The American Civil War was a civil war in the United States fought from 1861 to 1865. The Union faced secessionists in eleven Southern states grouped together as the Confederate States of America. The Union won the war, which remains the bloodiest in U.S. history.
Among the 34 U.S. states in January 1861, seven Southern slave states individually declared their secession from the U.S. and formed the Confederate States of America. War broke out in April 1861 when they attacked a U.S. fortress, Fort Sumter. The Confederacy grew to include eleven states; it claimed two more states and several western territories. The Confederacy was never diplomatically recognized by any foreign country. The states that remained loyal including border states where slavery was legal, were known as the Union or the North. The war ended with the surrender of all the Confederate armies and the collapse of Confederate government in spring 1865.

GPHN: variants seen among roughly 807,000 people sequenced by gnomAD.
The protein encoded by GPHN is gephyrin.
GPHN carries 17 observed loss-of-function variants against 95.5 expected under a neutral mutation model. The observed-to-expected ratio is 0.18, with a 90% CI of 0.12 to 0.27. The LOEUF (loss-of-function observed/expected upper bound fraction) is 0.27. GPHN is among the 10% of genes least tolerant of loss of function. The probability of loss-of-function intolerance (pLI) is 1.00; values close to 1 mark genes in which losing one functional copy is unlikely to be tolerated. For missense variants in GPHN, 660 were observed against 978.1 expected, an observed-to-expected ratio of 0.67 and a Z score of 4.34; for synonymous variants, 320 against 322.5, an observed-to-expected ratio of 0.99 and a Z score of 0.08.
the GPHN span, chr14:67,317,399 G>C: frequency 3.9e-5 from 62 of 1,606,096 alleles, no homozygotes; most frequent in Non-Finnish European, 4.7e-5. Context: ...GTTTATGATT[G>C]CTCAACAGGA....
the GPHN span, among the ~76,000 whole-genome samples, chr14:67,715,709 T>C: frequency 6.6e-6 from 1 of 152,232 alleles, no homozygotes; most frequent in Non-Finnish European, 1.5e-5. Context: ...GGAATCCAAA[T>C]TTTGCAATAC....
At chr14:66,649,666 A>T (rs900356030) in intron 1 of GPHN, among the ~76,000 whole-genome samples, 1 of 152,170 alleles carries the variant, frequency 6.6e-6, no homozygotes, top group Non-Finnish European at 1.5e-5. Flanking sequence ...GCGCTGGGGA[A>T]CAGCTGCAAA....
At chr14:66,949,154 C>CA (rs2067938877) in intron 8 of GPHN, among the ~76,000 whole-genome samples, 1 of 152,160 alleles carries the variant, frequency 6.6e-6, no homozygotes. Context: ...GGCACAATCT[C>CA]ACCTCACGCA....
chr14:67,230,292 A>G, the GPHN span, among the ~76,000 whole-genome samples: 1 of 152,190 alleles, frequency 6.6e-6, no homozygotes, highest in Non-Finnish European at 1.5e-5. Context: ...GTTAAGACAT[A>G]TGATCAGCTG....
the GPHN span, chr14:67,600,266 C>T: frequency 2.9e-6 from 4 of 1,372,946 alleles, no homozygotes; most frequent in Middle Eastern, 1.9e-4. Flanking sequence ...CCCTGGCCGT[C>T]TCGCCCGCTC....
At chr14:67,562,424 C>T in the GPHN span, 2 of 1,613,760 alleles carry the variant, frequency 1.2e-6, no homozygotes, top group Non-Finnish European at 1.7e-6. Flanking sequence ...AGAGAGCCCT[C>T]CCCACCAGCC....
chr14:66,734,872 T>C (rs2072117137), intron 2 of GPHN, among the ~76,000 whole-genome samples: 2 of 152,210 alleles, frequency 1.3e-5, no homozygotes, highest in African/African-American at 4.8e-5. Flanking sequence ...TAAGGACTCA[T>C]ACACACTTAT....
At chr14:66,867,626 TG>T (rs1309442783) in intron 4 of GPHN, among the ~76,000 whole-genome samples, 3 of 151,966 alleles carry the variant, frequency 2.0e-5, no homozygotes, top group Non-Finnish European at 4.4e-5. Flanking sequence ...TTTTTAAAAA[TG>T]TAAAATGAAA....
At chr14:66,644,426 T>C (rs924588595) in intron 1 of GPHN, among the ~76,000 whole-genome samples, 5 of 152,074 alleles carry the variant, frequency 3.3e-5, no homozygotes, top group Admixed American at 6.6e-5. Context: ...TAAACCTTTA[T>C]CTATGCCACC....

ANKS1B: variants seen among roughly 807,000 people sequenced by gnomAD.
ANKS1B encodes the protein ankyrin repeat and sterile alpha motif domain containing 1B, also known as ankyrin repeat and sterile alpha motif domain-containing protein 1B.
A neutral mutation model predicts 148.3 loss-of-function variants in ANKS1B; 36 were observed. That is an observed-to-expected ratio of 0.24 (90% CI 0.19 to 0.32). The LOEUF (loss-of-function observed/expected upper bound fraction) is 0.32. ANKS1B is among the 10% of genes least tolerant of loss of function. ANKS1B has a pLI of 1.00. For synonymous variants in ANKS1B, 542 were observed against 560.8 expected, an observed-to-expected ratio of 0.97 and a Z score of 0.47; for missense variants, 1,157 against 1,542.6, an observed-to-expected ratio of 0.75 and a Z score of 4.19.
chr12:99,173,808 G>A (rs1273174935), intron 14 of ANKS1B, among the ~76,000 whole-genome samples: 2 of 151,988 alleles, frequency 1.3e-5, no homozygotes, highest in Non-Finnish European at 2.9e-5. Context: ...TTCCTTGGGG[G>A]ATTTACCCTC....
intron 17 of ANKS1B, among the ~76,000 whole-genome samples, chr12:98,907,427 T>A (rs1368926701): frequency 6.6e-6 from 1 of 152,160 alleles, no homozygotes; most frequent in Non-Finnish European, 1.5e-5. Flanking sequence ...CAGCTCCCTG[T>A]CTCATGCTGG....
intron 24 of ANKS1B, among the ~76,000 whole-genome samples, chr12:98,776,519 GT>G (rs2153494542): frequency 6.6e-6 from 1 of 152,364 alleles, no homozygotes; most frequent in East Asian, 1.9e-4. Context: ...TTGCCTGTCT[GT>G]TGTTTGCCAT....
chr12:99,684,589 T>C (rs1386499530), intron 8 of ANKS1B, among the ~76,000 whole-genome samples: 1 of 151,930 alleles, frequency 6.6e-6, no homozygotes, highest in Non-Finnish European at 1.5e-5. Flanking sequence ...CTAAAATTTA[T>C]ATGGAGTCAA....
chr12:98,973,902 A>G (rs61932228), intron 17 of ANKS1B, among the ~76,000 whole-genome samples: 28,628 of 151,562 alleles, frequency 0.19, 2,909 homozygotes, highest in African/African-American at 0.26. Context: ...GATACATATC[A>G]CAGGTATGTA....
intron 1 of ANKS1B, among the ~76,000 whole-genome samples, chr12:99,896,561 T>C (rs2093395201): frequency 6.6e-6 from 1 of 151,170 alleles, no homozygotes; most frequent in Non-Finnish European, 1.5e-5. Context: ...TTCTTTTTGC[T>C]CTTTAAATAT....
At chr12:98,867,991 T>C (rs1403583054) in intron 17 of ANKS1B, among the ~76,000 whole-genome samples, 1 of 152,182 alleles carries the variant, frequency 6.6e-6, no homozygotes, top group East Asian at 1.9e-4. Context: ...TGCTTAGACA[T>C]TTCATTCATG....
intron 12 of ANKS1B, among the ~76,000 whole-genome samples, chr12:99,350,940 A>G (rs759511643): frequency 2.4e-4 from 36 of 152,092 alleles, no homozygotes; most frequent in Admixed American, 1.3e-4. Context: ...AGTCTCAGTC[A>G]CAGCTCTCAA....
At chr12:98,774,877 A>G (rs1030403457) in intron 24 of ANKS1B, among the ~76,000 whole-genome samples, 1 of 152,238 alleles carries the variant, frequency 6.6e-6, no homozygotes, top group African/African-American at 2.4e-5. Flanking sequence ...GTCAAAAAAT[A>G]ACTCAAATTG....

The war had its origin in the factious issue of slavery, especially the extension of slavery into the western territories. Four years of intense combat left 620,000 to 750,000 soldiers dead, a higher number than the American military deaths of World War I and World War II combined, and destroyed much of the South's infrastructure. The Confederacy collapsed and slavery was abolished in the entire country. The Reconstruction Era (1863–1877) overlapped and followed the war, with its fitful process of restoring national unity, strengthening the national government, and guaranteeing civil rights to the freed slaves....LESS